“America’s banks oppose discrimination in any form and support enforcement of fair lending laws and the goals of Section 1071. Banks of all sizes have a long history of lending to creditworthy small businesses across the country, and ABA supports bank efforts to lend to underserved small businesses.
“While today’s final rule implementing Section 1071 includes a few of our recommendations for the proposed rule, we are disappointed that it remains unnecessarily far-reaching and will harm the relationship banking model Director Chopra often praises – the model that community banks have relied on to meet the unique needs of small businesses in their communities.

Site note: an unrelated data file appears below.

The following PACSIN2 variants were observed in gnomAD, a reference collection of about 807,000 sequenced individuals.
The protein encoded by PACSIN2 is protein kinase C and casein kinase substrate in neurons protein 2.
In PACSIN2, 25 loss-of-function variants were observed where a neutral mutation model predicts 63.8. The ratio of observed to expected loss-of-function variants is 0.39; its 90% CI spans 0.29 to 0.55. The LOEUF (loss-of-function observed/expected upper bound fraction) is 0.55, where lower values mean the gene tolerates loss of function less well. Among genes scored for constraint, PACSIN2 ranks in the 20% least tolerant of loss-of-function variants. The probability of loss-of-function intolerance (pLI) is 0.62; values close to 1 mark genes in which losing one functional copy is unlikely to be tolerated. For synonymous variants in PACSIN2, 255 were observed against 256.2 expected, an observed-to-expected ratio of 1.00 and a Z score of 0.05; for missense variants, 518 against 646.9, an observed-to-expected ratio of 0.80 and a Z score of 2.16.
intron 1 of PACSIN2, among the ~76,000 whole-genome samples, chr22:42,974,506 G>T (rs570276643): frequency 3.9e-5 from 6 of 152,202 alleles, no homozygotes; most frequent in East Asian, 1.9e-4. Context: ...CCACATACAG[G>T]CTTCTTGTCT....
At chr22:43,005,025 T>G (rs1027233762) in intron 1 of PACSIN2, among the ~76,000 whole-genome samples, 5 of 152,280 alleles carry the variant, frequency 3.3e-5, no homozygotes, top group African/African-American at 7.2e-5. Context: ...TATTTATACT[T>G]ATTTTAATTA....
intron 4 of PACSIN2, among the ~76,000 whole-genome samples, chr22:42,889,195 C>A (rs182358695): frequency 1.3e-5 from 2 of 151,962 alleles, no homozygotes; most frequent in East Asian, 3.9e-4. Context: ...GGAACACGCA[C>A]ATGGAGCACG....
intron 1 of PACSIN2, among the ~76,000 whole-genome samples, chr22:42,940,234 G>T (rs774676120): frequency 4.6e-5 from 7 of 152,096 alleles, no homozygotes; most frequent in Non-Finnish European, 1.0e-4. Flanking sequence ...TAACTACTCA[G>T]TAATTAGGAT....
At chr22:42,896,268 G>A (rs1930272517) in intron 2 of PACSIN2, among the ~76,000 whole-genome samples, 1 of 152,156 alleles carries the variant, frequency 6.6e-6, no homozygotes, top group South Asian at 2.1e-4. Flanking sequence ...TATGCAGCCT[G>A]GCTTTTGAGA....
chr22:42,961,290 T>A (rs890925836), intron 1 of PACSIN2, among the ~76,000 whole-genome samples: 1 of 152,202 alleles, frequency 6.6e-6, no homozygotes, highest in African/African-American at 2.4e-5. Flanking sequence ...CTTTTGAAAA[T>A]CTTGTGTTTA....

“Given the cost of implementing these significant new reporting requirements and their impact on lending, some community banks may be forced to limit their small business loan programs. Non-banks – many not supervised for compliance by the Bureau – may absorb some of the small business lending done today by banks, but they will not be able to offer their customers the benefits of a banking relationship and the technical assistance banks provide to their small business customers. We also worry that the data produced will put small businesses’ privacy at risk and could provide an incomplete and potentially misleading picture of small business lending to underserved groups. These outcomes are not what Congress intended when it passed the Dodd-Frank Act back in 2010.”